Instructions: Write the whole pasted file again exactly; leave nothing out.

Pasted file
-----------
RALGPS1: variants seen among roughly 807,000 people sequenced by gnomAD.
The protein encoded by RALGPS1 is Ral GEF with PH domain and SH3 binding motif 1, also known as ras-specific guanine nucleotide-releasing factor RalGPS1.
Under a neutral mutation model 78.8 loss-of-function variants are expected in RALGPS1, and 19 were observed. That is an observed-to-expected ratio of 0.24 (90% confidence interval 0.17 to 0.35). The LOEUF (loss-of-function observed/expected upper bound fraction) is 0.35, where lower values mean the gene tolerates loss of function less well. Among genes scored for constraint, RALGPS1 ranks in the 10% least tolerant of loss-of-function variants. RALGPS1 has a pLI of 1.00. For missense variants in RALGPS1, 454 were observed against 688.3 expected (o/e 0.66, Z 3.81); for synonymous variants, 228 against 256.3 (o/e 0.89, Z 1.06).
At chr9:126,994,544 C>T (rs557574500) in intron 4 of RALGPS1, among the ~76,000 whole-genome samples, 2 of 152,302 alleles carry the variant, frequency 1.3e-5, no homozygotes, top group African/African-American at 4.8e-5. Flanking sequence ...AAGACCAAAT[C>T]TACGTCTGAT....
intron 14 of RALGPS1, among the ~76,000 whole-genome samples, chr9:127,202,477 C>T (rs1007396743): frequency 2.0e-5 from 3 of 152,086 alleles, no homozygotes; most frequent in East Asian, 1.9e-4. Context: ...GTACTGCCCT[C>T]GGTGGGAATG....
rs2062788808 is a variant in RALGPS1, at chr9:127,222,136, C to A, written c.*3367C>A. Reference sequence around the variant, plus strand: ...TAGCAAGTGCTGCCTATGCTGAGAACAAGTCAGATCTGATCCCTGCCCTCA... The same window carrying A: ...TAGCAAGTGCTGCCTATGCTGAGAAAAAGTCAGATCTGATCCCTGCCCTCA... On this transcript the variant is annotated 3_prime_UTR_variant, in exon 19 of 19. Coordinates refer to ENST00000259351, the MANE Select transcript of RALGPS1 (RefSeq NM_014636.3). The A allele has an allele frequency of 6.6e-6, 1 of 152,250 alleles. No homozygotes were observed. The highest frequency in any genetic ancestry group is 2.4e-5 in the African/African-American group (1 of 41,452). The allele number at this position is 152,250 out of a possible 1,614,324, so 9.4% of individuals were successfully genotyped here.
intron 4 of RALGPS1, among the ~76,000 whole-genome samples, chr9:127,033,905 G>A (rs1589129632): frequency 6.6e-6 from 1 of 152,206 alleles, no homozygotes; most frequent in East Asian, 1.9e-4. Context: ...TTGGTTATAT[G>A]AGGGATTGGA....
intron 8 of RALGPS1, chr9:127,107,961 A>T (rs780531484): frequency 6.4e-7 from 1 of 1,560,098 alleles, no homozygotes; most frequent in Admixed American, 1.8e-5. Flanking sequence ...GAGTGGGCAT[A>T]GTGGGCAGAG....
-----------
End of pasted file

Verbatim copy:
RALGPS1: variants seen among roughly 807,000 people sequenced by gnomAD.
The protein encoded by RALGPS1 is Ral GEF with PH domain and SH3 binding motif 1, also known as ras-specific guanine nucleotide-releasing factor RalGPS1.
Under a neutral mutation model 78.8 loss-of-function variants are expected in RALGPS1, and 19 were observed. That is an observed-to-expected ratio of 0.24 (90% confidence interval 0.17 to 0.35). The LOEUF (loss-of-function observed/expected upper bound fraction) is 0.35, where lower values mean the gene tolerates loss of function less well. Among genes scored for constraint, RALGPS1 ranks in the 10% least tolerant of loss-of-function variants. RALGPS1 has a pLI of 1.00. For missense variants in RALGPS1, 454 were observed against 688.3 expected (o/e 0.66, Z 3.81); for synonymous variants, 228 against 256.3 (o/e 0.89, Z 1.06).
At chr9:126,994,544 C>T (rs557574500) in intron 4 of RALGPS1, among the ~76,000 whole-genome samples, 2 of 152,302 alleles carry the variant, frequency 1.3e-5, no homozygotes, top group African/African-American at 4.8e-5. Flanking sequence ...AAGACCAAAT[C>T]TACGTCTGAT....
intron 14 of RALGPS1, among the ~76,000 whole-genome samples, chr9:127,202,477 C>T (rs1007396743): frequency 2.0e-5 from 3 of 152,086 alleles, no homozygotes; most frequent in East Asian, 1.9e-4. Context: ...GTACTGCCCT[C>T]GGTGGGAATG....
rs2062788808 is a variant in RALGPS1, at chr9:127,222,136, C to A, written c.*3367C>A. Reference sequence around the variant, plus strand: ...TAGCAAGTGCTGCCTATGCTGAGAACAAGTCAGATCTGATCCCTGCCCTCA... The same window carrying A: ...TAGCAAGTGCTGCCTATGCTGAGAAAAAGTCAGATCTGATCCCTGCCCTCA... On this transcript the variant is annotated 3_prime_UTR_variant, in exon 19 of 19. Coordinates refer to ENST00000259351, the MANE Select transcript of RALGPS1 (RefSeq NM_014636.3). The A allele has an allele frequency of 6.6e-6, 1 of 152,250 alleles. No homozygotes were observed. The highest frequency in any genetic ancestry group is 2.4e-5 in the African/African-American group (1 of 41,452). The allele number at this position is 152,250 out of a possible 1,614,324, so 9.4% of individuals were successfully genotyped here.
intron 4 of RALGPS1, among the ~76,000 whole-genome samples, chr9:127,033,905 G>A (rs1589129632): frequency 6.6e-6 from 1 of 152,206 alleles, no homozygotes; most frequent in East Asian, 1.9e-4. Context: ...TTGGTTATAT[G>A]AGGGATTGGA....
intron 8 of RALGPS1, chr9:127,107,961 A>T (rs780531484): frequency 6.4e-7 from 1 of 1,560,098 alleles, no homozygotes; most frequent in Admixed American, 1.8e-5. Flanking sequence ...GAGTGGGCAT[A>T]GTGGGCAGAG....